Trascript for ĎScarborough Countryí for May 20, 2003
Now, in our final follow-up tonight: an update on the saga of Hollywood celebrities who say they are facing a backlash from a very angry public for their views. Hollywood people are now saying theyíve been blacklisted by Americans who disagree with their politics. And they are crying censorship.
Our friend Danny Glover recently told ďThe Washington PostĒ-quote -
Ē ďThe whole idea is to crush any kind of dissent. Something is happening now that is very dark and very sinister in this country. And for us not to admit itís happening is, in some ways, for us to be blind.Ē
With me now from Burbank, California, is actor Mike Farrell. And, also, from the NBC News bureau in Washington, D.C., is Tom Fitton. He is president of Judicial Watch.
Thank you, gentlemen, for being with me tonight.
Mike, let me begin with you.
Do you think-and, again, looking at what Danny Glover has said, that itís very dark and sinister, do you think something is very dark and very sinister for people in Hollywood or in Washington to be called on the carpet for statements that they make that are out of the mainstream with the majority of Americans?
MIKE FARRELL, ACTOR: Well, first of all, I donít think itís the American public that is objecting. I think that when people are exercising their right to free speech, as has been the case in this instance, and organized right-wing groups attempt to sabotage either their careers or their personal public profiles, I think that is a suggestion that there is an attempt to do something to stifle dissent. And that is really whatís at issue here.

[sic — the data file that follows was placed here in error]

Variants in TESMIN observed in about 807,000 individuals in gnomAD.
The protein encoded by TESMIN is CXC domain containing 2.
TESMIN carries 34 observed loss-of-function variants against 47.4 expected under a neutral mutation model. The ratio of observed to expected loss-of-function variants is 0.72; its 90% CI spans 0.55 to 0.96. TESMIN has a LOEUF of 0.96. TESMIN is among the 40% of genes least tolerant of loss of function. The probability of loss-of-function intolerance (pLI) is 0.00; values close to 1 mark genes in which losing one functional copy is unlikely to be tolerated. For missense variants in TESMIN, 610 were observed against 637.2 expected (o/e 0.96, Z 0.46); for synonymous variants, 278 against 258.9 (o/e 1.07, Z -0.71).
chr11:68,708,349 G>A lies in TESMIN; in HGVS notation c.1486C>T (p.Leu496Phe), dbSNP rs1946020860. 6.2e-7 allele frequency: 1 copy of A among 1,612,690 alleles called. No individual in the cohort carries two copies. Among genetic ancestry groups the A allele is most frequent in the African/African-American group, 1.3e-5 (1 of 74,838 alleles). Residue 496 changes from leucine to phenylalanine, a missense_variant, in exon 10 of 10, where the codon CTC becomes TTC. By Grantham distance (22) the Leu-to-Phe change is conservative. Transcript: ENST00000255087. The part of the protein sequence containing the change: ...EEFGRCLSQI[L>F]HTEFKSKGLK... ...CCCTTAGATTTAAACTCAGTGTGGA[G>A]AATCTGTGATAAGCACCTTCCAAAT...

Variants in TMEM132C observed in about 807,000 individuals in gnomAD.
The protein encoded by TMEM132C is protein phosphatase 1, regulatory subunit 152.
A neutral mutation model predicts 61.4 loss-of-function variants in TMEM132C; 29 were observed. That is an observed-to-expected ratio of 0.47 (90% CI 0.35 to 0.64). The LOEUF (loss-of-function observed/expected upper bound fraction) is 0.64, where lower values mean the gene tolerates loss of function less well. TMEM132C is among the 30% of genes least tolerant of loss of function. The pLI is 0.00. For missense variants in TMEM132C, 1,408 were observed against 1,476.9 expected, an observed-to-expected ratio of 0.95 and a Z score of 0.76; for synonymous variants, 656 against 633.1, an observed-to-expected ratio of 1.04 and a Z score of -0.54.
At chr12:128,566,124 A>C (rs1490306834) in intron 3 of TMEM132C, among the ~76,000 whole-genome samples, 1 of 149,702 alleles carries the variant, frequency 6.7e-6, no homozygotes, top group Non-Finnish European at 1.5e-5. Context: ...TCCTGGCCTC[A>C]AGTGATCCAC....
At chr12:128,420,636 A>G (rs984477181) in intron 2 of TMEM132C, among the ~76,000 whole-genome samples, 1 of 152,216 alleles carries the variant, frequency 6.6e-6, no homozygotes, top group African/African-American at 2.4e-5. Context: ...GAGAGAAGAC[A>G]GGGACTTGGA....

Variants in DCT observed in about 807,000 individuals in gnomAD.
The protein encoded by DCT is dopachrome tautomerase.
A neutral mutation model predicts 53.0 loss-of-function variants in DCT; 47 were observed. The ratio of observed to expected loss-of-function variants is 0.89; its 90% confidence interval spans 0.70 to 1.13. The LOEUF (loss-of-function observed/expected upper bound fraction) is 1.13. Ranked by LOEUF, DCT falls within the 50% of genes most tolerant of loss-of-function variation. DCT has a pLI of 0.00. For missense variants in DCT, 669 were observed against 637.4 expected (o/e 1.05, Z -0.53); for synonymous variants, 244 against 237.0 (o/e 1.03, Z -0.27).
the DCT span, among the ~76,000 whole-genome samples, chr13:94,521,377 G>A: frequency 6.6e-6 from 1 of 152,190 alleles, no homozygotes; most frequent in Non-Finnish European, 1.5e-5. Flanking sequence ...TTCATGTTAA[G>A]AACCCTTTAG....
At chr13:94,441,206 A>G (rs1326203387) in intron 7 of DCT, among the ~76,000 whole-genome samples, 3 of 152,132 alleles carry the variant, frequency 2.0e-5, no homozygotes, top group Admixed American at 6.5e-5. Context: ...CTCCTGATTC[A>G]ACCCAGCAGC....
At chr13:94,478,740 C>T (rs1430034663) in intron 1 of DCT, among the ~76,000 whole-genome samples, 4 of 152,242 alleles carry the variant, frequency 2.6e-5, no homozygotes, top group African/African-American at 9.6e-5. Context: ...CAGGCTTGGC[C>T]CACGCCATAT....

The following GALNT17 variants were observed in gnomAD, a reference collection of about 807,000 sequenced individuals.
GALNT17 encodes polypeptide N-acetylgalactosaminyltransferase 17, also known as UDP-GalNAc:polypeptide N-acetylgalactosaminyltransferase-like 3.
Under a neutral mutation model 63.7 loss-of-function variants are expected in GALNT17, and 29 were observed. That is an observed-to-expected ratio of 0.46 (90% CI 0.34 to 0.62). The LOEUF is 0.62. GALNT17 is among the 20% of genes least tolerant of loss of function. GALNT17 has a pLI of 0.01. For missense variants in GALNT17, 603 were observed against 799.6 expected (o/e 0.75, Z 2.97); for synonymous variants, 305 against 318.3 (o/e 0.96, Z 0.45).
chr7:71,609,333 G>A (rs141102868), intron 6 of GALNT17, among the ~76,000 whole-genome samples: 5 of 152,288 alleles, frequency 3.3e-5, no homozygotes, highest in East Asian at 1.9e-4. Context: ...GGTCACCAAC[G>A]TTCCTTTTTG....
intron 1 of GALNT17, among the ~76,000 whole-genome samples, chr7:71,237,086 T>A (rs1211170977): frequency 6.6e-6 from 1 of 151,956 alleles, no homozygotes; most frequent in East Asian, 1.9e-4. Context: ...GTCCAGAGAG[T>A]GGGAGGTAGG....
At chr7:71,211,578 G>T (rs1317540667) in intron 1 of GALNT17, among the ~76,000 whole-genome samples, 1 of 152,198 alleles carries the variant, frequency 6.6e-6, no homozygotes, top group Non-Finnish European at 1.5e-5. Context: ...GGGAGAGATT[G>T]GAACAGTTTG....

SCARBOROUGH: Well, Mike, is it sabotaging Danny Gloverís career? Really, not his career. He is a movie star. People are going to still go see this guy. But whatís wrong with, whether itís the right wing or the left wing, saying, hey, this is what Danny Glover said? He said George Bush is a racist. He compared 9/11 to American troops. What is wrong with that? Whatís sinister with that? Isnít that free speech?
FARRELL: Of course. Nobody has any objection to people disagreeing and everybody has the right to agree and/or disagree. And I donít know-when you take statements out of context, I am not quite sure what was in fact said.
But the fact is that there is an organized attempt to stifle free speech in this country. And I think itís interesting that they attack celebrities, only because they get more press that way, when in fact there were people in the military, people in politics, former ambassadors, any number of people who were disagreeing with the war policy of this administration, but they are not the ones that are being attacked. I think the idea...
SCARBOROUGH: Well, Iíve got to tell you...
FARRELL: If you will let me finish my statement, I think the idea is to punish...
SCARBOROUGH: Well, how long is your statement?
FARRELL: How long would you like me to talk? I can go on for quite some time.
SCARBOROUGH: I bet you can.
FARRELL: I see that you have a habit of butting in. And I would just like to finish what I was about to say.
SCARBOROUGH: OK. Finish.
TOM FITTON, JUDICIAL WATCH: Can I butt in?
FARRELL: The fact is that-you do that quite regularly.
I think that the fact that these people are trying to punish celebrities is just a way for them to try to very publicly stifle free speech. And I donít think it works.